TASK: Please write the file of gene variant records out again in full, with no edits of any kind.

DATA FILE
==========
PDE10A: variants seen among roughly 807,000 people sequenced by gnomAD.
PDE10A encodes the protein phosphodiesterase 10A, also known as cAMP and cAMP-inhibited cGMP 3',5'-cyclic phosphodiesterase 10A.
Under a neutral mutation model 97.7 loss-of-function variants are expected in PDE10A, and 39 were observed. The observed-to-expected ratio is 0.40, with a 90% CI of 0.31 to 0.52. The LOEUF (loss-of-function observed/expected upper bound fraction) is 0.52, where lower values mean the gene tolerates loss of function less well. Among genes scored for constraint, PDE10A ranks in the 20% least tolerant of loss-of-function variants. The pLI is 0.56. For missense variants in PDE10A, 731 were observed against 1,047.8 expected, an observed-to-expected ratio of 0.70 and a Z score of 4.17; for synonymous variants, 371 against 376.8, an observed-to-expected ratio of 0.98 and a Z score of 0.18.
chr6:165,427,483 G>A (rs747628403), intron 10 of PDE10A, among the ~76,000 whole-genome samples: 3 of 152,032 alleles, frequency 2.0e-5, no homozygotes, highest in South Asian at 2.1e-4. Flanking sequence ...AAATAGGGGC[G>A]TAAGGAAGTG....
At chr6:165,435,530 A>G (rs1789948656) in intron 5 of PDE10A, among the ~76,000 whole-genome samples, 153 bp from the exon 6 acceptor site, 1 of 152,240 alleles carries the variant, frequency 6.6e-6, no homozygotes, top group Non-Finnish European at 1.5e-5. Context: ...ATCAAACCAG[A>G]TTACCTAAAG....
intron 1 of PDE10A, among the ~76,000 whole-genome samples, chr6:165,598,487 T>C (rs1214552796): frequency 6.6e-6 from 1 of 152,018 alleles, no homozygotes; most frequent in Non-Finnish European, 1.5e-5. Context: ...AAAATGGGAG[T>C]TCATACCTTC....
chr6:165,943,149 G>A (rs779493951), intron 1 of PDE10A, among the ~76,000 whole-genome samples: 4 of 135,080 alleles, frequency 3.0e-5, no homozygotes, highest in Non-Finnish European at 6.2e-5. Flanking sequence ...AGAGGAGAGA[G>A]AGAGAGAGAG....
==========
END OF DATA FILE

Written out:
PDE10A: variants seen among roughly 807,000 people sequenced by gnomAD.
PDE10A encodes the protein phosphodiesterase 10A, also known as cAMP and cAMP-inhibited cGMP 3',5'-cyclic phosphodiesterase 10A.
Under a neutral mutation model 97.7 loss-of-function variants are expected in PDE10A, and 39 were observed. The observed-to-expected ratio is 0.40, with a 90% CI of 0.31 to 0.52. The LOEUF (loss-of-function observed/expected upper bound fraction) is 0.52, where lower values mean the gene tolerates loss of function less well. Among genes scored for constraint, PDE10A ranks in the 20% least tolerant of loss-of-function variants. The pLI is 0.56. For missense variants in PDE10A, 731 were observed against 1,047.8 expected, an observed-to-expected ratio of 0.70 and a Z score of 4.17; for synonymous variants, 371 against 376.8, an observed-to-expected ratio of 0.98 and a Z score of 0.18.
chr6:165,427,483 G>A (rs747628403), intron 10 of PDE10A, among the ~76,000 whole-genome samples: 3 of 152,032 alleles, frequency 2.0e-5, no homozygotes, highest in South Asian at 2.1e-4. Flanking sequence ...AAATAGGGGC[G>A]TAAGGAAGTG....
At chr6:165,435,530 A>G (rs1789948656) in intron 5 of PDE10A, among the ~76,000 whole-genome samples, 153 bp from the exon 6 acceptor site, 1 of 152,240 alleles carries the variant, frequency 6.6e-6, no homozygotes, top group Non-Finnish European at 1.5e-5. Context: ...ATCAAACCAG[A>G]TTACCTAAAG....
intron 1 of PDE10A, among the ~76,000 whole-genome samples, chr6:165,598,487 T>C (rs1214552796): frequency 6.6e-6 from 1 of 152,018 alleles, no homozygotes; most frequent in Non-Finnish European, 1.5e-5. Context: ...AAAATGGGAG[T>C]TCATACCTTC....
chr6:165,943,149 G>A (rs779493951), intron 1 of PDE10A, among the ~76,000 whole-genome samples: 4 of 135,080 alleles, frequency 3.0e-5, no homozygotes, highest in Non-Finnish European at 6.2e-5. Flanking sequence ...AGAGGAGAGA[G>A]AGAGAGAGAG....